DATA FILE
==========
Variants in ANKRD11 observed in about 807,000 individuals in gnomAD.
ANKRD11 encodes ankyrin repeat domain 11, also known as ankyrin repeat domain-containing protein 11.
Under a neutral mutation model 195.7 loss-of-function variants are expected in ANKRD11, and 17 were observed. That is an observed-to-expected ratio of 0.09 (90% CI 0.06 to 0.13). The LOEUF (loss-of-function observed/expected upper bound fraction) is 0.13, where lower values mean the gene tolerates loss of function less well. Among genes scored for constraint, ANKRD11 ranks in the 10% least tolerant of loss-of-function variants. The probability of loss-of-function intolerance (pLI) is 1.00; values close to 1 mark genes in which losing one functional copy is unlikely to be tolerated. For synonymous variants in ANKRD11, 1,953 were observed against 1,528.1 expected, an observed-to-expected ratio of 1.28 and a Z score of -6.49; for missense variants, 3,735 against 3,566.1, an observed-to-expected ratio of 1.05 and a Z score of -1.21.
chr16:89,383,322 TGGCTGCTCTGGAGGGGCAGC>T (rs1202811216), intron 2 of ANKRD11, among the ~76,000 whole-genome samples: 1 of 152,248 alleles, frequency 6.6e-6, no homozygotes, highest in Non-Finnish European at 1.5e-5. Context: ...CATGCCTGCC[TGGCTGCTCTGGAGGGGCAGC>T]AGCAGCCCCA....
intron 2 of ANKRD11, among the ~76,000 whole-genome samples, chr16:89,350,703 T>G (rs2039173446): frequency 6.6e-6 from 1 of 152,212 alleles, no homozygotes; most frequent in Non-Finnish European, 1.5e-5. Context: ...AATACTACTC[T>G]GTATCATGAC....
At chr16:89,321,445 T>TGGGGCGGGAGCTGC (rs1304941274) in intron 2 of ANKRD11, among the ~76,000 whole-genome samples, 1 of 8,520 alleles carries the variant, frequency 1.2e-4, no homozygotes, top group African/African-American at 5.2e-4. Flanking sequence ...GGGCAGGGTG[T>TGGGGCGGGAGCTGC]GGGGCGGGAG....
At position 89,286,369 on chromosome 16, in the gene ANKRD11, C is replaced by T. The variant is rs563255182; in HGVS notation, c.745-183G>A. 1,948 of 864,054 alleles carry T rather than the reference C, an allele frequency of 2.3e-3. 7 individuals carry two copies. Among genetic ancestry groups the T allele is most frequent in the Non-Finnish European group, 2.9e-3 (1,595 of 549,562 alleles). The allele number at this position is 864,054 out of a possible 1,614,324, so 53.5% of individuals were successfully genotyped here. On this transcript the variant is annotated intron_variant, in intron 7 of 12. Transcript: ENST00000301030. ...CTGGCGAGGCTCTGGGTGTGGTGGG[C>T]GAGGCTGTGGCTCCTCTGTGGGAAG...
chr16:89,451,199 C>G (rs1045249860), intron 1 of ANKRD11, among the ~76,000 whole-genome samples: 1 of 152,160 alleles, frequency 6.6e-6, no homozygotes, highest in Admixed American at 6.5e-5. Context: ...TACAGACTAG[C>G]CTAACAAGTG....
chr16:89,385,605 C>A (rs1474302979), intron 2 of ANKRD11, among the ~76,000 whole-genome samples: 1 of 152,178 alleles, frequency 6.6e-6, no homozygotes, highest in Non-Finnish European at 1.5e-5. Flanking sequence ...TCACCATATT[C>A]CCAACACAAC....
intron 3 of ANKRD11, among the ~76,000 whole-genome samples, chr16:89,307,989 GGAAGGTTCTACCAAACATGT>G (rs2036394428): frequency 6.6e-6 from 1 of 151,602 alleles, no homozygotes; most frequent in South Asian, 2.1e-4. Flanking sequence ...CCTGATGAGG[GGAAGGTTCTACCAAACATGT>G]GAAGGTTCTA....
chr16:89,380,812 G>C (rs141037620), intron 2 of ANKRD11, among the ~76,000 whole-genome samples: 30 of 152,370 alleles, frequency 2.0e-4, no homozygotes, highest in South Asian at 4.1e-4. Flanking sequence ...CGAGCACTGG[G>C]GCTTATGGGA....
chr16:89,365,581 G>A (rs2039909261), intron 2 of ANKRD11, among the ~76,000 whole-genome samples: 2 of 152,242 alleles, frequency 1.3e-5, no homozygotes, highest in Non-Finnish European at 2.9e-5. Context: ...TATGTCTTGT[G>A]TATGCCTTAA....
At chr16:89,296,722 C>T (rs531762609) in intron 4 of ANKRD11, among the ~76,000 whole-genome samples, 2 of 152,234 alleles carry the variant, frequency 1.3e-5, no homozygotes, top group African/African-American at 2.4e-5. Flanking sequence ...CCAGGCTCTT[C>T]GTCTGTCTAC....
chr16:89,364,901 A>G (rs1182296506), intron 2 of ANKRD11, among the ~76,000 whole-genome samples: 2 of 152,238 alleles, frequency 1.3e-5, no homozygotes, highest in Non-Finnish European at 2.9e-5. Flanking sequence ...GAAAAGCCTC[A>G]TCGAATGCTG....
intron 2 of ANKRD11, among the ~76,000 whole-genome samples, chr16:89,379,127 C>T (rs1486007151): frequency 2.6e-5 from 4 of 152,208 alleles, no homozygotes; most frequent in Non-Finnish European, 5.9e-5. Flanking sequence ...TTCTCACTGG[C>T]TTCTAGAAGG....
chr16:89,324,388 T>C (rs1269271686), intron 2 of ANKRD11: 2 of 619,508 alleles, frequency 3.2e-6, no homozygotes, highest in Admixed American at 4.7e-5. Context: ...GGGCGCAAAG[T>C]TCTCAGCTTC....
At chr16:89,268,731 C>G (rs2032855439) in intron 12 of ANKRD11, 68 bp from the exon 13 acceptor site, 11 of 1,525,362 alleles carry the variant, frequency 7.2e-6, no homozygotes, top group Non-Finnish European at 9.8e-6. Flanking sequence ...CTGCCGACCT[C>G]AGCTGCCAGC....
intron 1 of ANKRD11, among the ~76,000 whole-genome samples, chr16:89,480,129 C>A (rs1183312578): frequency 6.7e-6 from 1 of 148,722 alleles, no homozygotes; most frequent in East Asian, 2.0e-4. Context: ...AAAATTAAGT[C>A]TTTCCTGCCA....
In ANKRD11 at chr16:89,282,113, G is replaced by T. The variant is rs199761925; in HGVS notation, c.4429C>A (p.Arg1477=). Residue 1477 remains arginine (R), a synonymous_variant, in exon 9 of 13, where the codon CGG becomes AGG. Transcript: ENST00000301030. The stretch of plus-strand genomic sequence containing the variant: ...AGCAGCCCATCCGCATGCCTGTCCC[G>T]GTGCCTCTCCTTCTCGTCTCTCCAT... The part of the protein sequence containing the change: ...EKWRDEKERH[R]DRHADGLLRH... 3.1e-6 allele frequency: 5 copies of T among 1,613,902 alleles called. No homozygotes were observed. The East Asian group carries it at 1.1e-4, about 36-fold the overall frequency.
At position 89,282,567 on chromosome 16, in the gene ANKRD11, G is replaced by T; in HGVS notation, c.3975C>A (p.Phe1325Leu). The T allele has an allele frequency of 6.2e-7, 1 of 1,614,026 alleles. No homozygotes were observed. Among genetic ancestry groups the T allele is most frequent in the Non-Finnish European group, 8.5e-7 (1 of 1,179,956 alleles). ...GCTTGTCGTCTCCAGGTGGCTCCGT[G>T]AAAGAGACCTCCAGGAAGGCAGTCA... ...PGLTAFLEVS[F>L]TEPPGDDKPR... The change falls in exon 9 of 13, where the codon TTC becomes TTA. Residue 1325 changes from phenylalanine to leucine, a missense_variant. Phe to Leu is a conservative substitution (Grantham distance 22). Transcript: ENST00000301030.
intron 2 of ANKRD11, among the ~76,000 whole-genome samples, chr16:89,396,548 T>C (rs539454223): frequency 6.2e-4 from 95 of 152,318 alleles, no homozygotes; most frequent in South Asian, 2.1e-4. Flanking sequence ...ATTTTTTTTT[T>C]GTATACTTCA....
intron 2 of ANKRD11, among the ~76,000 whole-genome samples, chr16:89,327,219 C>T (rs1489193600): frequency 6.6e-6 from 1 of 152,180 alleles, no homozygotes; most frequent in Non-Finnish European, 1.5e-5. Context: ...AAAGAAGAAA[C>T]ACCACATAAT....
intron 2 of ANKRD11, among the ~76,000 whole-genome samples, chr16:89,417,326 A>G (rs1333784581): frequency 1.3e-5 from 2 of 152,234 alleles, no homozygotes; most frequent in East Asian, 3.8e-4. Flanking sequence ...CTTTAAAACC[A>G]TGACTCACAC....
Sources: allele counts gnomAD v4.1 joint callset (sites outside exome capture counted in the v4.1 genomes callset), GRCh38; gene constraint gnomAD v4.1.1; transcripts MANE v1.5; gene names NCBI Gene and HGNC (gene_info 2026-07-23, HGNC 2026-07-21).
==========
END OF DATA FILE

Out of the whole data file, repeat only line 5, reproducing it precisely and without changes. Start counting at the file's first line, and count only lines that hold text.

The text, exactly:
intron 2 of ANKRD11, among the ~76,000 whole-genome samples, chr16:89,350,703 T>G (rs2039173446): frequency 6.6e-6 from 1 of 152,212 alleles, no homozygotes; most frequent in Non-Finnish European, 1.5e-5. Context: ...AATACTACTC[T>G]GTATCATGAC....